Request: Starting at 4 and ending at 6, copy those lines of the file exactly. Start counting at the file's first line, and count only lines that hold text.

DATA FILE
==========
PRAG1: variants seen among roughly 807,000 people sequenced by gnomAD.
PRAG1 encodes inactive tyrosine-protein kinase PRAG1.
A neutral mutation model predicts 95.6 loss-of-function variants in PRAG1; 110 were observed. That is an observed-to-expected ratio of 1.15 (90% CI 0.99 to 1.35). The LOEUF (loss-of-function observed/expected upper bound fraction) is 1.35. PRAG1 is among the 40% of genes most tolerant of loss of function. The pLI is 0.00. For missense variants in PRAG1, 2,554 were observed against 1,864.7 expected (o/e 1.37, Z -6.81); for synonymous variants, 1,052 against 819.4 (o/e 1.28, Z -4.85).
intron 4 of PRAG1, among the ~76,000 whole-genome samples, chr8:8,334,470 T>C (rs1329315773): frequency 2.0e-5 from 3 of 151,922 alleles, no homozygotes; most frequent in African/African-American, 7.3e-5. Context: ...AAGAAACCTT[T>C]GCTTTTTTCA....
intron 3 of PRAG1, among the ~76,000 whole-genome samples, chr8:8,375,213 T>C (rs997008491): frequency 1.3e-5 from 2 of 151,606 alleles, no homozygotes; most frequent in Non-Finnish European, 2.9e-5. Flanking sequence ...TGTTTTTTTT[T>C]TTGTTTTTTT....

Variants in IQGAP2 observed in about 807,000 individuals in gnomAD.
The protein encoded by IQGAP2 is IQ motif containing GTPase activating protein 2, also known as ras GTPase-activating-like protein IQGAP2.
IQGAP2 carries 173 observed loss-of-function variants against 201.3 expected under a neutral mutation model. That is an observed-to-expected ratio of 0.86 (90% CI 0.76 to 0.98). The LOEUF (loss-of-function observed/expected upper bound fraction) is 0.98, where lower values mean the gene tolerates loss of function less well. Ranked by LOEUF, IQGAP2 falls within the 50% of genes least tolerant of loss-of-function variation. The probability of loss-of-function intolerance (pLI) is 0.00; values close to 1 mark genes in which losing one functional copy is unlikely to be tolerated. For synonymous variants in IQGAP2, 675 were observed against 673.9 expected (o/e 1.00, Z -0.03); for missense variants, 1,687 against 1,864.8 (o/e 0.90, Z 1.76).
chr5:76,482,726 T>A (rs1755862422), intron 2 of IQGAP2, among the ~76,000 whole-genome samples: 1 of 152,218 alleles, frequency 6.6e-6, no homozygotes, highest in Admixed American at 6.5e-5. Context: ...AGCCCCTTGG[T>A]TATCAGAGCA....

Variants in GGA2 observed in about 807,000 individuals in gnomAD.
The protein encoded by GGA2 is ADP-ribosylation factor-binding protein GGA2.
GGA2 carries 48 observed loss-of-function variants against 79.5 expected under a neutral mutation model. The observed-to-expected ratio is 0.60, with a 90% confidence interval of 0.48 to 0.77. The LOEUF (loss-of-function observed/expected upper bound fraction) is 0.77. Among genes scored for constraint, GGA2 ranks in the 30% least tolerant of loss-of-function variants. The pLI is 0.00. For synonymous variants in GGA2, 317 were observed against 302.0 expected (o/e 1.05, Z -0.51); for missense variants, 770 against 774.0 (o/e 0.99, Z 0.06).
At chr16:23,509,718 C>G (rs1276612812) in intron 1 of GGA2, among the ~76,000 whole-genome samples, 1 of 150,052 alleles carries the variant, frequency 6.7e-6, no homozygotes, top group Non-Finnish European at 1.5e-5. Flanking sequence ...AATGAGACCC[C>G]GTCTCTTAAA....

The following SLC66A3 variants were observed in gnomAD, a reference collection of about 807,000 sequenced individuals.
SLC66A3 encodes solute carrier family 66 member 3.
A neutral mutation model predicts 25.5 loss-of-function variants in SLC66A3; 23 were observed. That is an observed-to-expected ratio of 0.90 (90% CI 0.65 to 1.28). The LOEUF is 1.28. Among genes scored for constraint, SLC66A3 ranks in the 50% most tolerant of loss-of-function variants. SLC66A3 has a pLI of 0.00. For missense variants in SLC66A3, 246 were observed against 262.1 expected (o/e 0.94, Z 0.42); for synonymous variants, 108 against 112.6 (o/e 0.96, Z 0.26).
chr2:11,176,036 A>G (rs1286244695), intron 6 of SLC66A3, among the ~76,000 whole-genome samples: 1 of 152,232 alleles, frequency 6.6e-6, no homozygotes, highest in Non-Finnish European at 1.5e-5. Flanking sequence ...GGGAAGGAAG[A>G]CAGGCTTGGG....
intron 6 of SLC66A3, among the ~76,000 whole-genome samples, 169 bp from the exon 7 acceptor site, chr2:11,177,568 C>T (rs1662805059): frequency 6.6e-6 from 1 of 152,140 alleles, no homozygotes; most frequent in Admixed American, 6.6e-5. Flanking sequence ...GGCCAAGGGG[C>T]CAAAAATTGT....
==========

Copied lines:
intron 4 of PRAG1, among the ~76,000 whole-genome samples, chr8:8,334,470 T>C (rs1329315773): frequency 2.0e-5 from 3 of 151,922 alleles, no homozygotes; most frequent in African/African-American, 7.3e-5. Context: ...AAGAAACCTT[T>C]GCTTTTTTCA....
intron 3 of PRAG1, among the ~76,000 whole-genome samples, chr8:8,375,213 T>C (rs997008491): frequency 1.3e-5 from 2 of 151,606 alleles, no homozygotes; most frequent in Non-Finnish European, 2.9e-5. Flanking sequence ...TGTTTTTTTT[T>C]TTGTTTTTTT....

Variants in IQGAP2 observed in about 807,000 individuals in gnomAD.